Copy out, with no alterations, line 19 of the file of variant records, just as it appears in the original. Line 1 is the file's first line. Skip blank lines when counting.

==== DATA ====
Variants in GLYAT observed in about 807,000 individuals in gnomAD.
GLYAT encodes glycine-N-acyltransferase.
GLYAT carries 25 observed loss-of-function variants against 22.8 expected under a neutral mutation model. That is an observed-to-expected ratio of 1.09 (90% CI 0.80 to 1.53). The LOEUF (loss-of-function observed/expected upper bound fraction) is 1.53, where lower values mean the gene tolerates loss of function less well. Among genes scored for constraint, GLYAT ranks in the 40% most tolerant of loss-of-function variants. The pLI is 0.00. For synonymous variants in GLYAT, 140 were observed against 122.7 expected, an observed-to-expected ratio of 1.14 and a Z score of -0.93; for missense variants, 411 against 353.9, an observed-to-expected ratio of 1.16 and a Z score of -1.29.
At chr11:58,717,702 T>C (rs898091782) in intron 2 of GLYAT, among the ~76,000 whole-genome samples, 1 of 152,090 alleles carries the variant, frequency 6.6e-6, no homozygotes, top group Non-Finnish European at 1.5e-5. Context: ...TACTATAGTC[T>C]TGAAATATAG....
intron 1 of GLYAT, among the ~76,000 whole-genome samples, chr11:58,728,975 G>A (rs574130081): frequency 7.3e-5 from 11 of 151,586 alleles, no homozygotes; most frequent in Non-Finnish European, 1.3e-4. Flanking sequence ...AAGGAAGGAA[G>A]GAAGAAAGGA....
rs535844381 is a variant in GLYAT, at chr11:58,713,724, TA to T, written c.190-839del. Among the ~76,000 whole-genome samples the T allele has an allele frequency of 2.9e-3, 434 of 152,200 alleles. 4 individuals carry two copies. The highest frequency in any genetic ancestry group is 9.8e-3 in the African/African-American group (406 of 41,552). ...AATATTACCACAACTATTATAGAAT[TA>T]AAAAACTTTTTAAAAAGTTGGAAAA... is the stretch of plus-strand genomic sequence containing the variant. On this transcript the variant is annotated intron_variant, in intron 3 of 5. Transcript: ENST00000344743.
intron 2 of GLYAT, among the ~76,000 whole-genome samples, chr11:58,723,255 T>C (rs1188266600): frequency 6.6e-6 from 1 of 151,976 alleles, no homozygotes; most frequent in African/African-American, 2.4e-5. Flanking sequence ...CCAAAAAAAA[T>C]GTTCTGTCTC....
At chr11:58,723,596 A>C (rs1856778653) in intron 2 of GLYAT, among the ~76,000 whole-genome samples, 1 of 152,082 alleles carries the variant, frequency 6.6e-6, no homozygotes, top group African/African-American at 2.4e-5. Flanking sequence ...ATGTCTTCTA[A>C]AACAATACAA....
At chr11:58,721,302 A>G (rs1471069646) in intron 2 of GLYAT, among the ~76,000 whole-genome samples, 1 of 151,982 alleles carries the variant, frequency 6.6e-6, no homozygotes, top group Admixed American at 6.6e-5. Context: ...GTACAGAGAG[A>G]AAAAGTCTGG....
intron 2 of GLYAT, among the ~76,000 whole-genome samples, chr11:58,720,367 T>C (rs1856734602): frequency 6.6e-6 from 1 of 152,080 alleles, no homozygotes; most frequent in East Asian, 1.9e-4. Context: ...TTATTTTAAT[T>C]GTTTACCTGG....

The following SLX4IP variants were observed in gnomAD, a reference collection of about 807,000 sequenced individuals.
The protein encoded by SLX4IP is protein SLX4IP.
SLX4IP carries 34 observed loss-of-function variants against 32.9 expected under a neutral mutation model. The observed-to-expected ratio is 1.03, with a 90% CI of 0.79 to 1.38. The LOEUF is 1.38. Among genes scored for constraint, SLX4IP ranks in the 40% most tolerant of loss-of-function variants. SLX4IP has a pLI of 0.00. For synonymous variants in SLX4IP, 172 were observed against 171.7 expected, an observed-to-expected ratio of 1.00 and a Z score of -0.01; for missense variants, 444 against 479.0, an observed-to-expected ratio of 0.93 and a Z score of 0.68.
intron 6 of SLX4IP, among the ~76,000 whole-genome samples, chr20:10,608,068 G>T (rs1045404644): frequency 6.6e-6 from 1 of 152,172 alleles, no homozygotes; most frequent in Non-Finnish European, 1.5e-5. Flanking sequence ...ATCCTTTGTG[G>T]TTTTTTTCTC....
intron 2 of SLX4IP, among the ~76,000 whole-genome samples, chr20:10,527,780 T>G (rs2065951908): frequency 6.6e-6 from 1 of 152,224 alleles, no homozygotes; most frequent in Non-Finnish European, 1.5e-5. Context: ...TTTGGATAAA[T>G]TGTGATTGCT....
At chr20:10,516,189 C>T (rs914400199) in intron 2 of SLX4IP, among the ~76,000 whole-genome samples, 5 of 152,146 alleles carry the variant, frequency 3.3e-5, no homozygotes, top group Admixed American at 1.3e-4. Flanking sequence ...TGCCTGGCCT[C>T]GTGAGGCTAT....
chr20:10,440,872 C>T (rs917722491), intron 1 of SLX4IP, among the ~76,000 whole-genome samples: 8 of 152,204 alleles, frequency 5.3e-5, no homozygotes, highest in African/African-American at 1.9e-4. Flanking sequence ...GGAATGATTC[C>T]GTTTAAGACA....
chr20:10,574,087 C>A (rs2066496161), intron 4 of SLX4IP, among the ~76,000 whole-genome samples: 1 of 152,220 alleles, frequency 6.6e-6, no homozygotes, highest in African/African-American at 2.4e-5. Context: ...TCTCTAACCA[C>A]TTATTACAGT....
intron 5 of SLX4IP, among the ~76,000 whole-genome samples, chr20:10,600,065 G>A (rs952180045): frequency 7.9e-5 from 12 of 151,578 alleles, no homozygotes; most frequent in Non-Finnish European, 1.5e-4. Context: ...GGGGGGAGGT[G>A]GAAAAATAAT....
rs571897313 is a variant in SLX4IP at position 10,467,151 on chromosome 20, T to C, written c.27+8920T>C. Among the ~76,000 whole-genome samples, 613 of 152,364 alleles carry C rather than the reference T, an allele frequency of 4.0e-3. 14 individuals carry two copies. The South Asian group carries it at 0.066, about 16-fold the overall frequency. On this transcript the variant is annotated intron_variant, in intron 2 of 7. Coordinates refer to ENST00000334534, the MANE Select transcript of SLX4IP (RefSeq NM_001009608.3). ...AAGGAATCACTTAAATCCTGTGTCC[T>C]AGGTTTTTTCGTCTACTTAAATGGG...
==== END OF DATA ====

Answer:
intron 5 of SLX4IP, among the ~76,000 whole-genome samples, chr20:10,600,065 G>A (rs952180045): frequency 7.9e-5 from 12 of 151,578 alleles, no homozygotes; most frequent in Non-Finnish European, 1.5e-4. Context: ...GGGGGGAGGT[G>A]GAAAAATAAT....